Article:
READ | Coronavirus: What to do if you think you might be infected

4. Don’t drink bleach

According to Wilkinson, there have also been a number of “scary messages” about drinking or using bleach products to combat the virus. 

“This is not going to help. In fact, consuming bleach products can be incredibly harmful and make you very sick and could in some cases, even lead to death.” 

5. Dettol claims not proven

On its website, Africa Check also debunked a claim that Dettol products were effective against Covid-19. While Dettol products have shown to be effective against certain strains of coronavirus, the 2019 ‘novel’ coronavirus has not yet been tested against Dettol products. 

READ | Coronavirus: Is it safe to take your kids to daycare, and other questions parents ask

6. Mosquitoes can’t transmit the disease

The new coronavirus cannot be transmitted through mosquito bites. To date, there has been no information nor evidence to suggest that the new coronavirus can be transmitted by mosquitoes. The new coronavirus is a respiratory virus which spreads primarily through droplets generated when an infected person coughs or sneezes, or through droplets of saliva or discharge from the nose. 

7. No cure as yet

While Africa Check has seen a lot of false information about vaccines and cures for Covid-19, none of these exist.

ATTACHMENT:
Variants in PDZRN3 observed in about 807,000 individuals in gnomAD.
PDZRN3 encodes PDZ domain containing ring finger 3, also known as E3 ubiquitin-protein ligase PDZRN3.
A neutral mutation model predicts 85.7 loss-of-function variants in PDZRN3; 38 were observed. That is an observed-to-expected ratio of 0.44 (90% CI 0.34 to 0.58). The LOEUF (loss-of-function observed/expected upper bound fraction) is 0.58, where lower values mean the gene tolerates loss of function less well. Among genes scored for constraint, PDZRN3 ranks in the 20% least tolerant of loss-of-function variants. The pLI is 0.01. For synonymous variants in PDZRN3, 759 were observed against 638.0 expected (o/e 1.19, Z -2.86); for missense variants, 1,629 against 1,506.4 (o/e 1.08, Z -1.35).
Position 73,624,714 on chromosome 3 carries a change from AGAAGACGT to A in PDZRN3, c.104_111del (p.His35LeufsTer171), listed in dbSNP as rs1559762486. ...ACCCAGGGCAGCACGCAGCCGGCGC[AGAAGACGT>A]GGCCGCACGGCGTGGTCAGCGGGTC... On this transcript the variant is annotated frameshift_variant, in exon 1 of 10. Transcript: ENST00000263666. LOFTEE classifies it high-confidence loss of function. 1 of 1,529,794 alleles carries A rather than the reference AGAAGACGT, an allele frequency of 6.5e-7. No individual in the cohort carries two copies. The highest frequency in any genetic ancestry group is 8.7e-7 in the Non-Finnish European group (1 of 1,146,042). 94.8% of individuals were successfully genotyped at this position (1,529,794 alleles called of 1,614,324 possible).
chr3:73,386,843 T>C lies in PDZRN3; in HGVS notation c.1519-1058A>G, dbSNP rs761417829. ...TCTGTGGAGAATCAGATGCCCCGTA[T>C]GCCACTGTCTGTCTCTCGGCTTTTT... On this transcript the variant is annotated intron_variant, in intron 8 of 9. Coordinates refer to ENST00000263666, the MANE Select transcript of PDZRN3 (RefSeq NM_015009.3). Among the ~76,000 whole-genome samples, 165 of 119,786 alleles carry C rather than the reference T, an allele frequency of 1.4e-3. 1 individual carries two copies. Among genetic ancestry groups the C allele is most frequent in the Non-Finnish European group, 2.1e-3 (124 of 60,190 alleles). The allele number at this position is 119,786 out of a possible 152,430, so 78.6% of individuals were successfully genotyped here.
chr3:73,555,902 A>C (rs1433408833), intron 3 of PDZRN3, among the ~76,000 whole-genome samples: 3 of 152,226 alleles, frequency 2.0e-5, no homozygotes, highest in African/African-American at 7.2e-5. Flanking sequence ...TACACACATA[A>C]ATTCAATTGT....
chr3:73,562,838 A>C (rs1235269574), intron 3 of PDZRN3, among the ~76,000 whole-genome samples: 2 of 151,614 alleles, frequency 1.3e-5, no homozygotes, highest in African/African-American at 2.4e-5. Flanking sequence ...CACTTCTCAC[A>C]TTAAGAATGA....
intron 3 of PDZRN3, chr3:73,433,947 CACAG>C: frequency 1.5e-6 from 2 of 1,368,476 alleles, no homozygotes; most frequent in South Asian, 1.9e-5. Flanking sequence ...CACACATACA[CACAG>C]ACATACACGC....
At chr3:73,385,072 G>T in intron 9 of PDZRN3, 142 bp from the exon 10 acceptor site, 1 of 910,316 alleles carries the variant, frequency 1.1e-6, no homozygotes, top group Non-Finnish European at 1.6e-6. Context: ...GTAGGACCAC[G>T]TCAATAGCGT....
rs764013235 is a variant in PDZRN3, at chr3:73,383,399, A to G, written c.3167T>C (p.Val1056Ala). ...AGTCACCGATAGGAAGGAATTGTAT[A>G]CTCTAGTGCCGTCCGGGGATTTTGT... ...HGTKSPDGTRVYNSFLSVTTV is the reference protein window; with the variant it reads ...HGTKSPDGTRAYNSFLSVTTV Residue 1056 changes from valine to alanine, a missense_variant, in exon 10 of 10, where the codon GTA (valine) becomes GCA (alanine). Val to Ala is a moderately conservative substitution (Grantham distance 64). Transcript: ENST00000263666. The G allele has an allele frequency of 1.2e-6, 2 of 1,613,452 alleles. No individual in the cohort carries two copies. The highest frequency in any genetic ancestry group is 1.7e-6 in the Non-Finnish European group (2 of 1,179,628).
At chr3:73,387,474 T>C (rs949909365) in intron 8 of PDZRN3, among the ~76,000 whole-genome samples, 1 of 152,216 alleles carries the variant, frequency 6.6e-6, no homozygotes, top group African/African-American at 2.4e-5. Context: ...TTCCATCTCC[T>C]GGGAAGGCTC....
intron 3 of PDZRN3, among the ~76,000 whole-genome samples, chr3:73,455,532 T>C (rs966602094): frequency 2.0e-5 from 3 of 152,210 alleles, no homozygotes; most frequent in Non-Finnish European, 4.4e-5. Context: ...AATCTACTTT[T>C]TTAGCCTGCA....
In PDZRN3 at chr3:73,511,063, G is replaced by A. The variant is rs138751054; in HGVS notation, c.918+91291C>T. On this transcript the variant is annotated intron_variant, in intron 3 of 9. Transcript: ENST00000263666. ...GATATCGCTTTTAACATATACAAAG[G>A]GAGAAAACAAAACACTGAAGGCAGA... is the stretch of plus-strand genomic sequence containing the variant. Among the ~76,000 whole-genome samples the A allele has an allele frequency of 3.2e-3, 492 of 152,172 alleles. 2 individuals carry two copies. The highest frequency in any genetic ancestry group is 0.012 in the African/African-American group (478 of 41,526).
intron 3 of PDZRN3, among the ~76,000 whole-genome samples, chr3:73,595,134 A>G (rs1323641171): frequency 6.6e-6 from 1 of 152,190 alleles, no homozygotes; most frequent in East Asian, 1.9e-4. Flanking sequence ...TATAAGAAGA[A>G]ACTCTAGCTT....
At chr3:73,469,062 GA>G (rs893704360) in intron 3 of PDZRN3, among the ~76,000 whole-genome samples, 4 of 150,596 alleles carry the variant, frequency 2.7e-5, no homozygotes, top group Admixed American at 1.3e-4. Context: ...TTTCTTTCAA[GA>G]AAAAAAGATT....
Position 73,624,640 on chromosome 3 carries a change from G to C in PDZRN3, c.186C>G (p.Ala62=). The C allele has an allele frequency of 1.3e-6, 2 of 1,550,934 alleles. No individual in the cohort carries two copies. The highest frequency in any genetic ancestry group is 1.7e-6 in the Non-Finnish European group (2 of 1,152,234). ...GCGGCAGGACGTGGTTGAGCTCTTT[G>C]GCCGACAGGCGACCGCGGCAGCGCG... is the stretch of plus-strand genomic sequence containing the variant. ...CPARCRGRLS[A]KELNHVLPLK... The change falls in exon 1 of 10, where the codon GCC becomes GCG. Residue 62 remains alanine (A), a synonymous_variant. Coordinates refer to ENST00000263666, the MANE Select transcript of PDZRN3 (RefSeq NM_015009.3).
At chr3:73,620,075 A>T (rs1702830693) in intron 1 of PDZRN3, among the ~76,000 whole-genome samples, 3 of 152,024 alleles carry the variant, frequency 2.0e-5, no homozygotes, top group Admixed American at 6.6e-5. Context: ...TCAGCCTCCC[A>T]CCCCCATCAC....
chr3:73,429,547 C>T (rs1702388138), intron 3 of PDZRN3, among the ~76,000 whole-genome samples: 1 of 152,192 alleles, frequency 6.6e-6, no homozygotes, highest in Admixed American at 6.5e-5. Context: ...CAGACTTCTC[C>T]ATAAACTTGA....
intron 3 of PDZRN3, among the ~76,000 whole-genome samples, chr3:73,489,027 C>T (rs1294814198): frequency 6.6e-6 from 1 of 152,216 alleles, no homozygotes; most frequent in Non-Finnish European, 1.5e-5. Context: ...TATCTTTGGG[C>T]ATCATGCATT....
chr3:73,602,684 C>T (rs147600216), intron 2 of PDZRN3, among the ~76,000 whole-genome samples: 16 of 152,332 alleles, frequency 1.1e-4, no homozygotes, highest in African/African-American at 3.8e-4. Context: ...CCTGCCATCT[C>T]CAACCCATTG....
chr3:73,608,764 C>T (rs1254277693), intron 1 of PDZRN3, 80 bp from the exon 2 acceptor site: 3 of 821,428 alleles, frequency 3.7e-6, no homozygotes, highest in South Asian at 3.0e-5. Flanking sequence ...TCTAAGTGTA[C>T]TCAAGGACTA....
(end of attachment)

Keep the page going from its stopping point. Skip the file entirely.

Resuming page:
“Earlier this year, we saw a news article that went viral and got a lot of traction about a ‘vaccine’ that had supposedly been developed and tested at a university in Ghana, but that turned out to be a completely false story.” 

Wilkinson had the following advice: “If you see any information about cures or vaccines, first check the World Health Organization’s website where they have a section dedicated to SARS-CoV-2 with all the latest information. 

“They also have a great section where they debunk false information and hoaxes.”

READ | Thousands die from flu every year in SA – how does the common flu virus compare to the new coronavirus?

8. Goods manufactured in China cannot transmit the virus

Even though the new coronavirus can stay on surfaces for a few hours or up to several days (depending on the type of surface), it is very unlikely that the virus will persist on a surface after it has been moved, travelled, and exposed to different conditions and temperatures. If you think a surface may be contaminated, use a disinfectant to clean it. After touching it, use an alcohol-based rub to clean your hands or wash them with soap and water.

9. Can pets at home spread the virus?

At present, there is no evidence that companion animals/pets such as dogs or cats can be infected with the new coronavirus. However, it is always a good idea to wash your hands with soap and water after contact with pets. This protects you against various common bacteria, such as E.coli and Salmonella, that can pass between pets and humans.

For more on debunking fake news and hoaxes, visit the WHO myth-busting site.

 Compiled by Paul Herman, Kate Henry